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Data from: Effectiveness of antifungal treatments during chytridiomycosis epizootics in populations of an endangered frog

Cite this dataset

Knapp, Roland et al. (2021). Data from: Effectiveness of antifungal treatments during chytridiomycosis epizootics in populations of an endangered frog [Dataset]. Dryad.


The recently-emerged amphibian chytrid fungus Batrachochytrium dendrobatidis (Bd) has had an unprecedented impact on global amphibian populations, and highlights the urgent need to develop effective mitigation strategies. We conducted in-situ antifungal treatment experiments in wild populations of the endangered mountain yellow-legged frog during or immediately after Bd-caused mass die-off events. The objective of treatments was to reduce Bd infection intensity ("load") and in doing so alter frog-Bd dynamics and increase the probability of frog population persistence despite ongoing Bd infection. Experiments included treatment of early life stages (tadpoles and subadults) with the antifungal drug itraconazole, treatment of adults with itraconazole, and augmentation of the skin microbiome of subadults with Janthinobacterium lividum, a commensal bacterium with antifungal properties. All itraconazole treatments caused immediate reductions in Bd load, and produced longer-term effects that differed between life stages. In experiments focused on early life stages, Bd load was reduced in the two months immediately following treatment and was associated with increased survival of subadults. However, Bd load and frog survival returned to pre-treatment levels in less than one year, and treatment had no effect on population persistence. In adults, treatment reduced Bd load and increased frog survival over the entire three-year post-treatment period, consistent with frogs having developed an effective adaptive immune response against Bd. Despite this protracted period of reduced impacts of Bd on adults, recruitment into the adult population was limited and the population eventually declined to near-extirpation. In the microbiome augmentation experiment, exposure of subadults to a solution of J. lividum increased concentrations of this potentially protective bacterium on frogs. However, concentrations declined to baseline levels within one month and did not have a protective effect against Bd infection. Collectively, these results indicate that our mitigation efforts were ineffective in causing long-term changes in frog-Bd dynamics and increasing population persistence, due largely to the inability of early life stages to mount an effective immune response against Bd. This results in repeated recruitment failure and a low probability of population persistence in the face of ongoing Bd infection.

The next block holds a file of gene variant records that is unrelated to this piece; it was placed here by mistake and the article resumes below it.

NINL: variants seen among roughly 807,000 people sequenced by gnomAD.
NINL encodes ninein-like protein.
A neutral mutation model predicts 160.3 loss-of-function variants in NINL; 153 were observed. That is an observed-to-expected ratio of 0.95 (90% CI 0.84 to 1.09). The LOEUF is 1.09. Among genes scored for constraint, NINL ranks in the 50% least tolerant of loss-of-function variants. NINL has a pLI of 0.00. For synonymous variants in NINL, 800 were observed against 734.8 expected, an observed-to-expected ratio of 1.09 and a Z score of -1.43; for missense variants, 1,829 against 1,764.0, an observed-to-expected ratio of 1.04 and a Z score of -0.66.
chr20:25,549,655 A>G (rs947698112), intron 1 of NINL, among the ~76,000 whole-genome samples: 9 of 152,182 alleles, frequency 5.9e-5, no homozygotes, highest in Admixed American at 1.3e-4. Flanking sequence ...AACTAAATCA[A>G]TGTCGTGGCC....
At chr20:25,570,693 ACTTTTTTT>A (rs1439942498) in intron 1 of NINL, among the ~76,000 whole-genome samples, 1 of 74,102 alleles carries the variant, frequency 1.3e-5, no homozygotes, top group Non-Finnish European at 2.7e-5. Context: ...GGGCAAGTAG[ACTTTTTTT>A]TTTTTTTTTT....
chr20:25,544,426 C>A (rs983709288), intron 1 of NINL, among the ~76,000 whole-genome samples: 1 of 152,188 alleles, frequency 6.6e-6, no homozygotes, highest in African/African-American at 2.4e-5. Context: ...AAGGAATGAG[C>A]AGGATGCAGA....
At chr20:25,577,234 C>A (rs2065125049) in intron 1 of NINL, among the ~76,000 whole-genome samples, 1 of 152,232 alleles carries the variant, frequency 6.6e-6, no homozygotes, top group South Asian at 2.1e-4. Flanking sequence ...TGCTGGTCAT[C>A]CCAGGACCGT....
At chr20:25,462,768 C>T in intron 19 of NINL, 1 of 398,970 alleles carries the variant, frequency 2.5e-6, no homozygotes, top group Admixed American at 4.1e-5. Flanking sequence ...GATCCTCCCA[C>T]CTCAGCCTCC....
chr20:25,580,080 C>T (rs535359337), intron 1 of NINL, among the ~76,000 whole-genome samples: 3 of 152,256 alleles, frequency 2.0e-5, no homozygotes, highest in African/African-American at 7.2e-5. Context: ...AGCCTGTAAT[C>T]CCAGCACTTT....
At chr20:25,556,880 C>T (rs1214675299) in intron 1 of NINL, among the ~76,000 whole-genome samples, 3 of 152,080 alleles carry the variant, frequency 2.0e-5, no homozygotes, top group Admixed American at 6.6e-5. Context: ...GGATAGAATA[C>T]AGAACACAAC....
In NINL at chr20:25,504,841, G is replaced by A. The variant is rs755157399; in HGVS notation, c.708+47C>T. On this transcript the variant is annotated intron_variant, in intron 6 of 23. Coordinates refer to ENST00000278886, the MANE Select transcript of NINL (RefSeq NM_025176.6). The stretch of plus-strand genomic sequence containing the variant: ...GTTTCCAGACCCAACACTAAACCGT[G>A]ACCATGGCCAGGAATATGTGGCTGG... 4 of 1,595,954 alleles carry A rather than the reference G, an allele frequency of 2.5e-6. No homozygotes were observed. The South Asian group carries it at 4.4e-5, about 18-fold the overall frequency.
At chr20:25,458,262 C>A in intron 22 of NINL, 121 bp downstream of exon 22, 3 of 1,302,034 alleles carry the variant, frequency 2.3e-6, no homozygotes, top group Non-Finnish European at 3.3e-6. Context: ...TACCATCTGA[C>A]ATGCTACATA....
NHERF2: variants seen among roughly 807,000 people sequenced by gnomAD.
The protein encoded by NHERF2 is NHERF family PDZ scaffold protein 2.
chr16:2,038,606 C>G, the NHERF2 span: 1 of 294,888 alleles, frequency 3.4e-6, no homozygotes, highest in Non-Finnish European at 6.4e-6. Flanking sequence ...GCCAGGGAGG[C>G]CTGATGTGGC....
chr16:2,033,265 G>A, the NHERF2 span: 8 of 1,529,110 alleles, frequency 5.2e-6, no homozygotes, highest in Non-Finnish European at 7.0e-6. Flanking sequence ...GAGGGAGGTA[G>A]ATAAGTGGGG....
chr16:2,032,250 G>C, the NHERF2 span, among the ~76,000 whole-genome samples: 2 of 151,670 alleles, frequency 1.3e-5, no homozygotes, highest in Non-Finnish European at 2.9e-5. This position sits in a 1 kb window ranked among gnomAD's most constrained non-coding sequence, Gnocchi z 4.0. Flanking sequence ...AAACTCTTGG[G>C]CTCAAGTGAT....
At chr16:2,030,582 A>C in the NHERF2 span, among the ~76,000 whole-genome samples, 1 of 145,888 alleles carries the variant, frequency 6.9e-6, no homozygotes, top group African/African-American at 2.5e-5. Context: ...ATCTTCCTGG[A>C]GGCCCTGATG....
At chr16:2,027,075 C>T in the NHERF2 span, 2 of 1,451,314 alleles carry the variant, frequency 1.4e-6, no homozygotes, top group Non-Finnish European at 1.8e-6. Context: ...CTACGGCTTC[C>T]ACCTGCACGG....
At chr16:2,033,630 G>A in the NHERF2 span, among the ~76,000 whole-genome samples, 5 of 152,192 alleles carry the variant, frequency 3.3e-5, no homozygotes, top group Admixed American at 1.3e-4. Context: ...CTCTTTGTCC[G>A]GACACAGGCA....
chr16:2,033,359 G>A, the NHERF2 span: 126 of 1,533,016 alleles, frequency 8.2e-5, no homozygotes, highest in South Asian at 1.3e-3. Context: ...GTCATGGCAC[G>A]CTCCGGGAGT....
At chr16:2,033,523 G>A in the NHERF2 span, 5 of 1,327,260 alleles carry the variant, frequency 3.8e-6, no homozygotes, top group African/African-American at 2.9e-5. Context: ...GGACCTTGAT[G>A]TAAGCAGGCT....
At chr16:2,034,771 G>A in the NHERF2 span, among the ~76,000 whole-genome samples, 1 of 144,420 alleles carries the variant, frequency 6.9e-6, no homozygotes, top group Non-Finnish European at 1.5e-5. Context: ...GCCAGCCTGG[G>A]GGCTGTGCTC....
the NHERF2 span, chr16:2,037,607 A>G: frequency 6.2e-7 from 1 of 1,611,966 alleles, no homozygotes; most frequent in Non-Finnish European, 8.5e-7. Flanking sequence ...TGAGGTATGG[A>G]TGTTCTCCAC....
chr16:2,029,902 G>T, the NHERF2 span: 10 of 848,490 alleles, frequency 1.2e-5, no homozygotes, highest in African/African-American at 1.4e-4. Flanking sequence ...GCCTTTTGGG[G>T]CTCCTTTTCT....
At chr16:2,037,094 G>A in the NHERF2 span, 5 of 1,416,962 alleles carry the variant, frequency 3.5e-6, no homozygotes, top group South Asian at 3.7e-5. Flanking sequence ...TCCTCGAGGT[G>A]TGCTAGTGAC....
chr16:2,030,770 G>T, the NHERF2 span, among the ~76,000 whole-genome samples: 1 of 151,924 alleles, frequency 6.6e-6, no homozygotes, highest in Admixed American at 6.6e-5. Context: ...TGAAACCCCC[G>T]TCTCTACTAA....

These datasets were collected before, during, and after six antifungal treatments conducted in lakes and ponds in Kings Canyon National Park and the Inyo National Forest (California, USA). Frogs were captured, tagged, swabbed, treated, and surveyed using standard methods, as described in the associated paper. The data were thoroughly error-checked prior to use in statistical analyses.

Usage notes

The associated file provides a general description of each dataset, and a specific description of the fields in each dataset.


Sequoia and Kings Canyon National Parks

National Science Foundation, Award: EF-0723563

National Cancer Institute, Award: EF-0723563

National Science Foundation, Award: IOS-1244804

National Science Foundation, Award: DEB-1557190

National Science Foundation, Award: IOS-1455873

National Science Foundation

National Park Service, Award: P19AC00789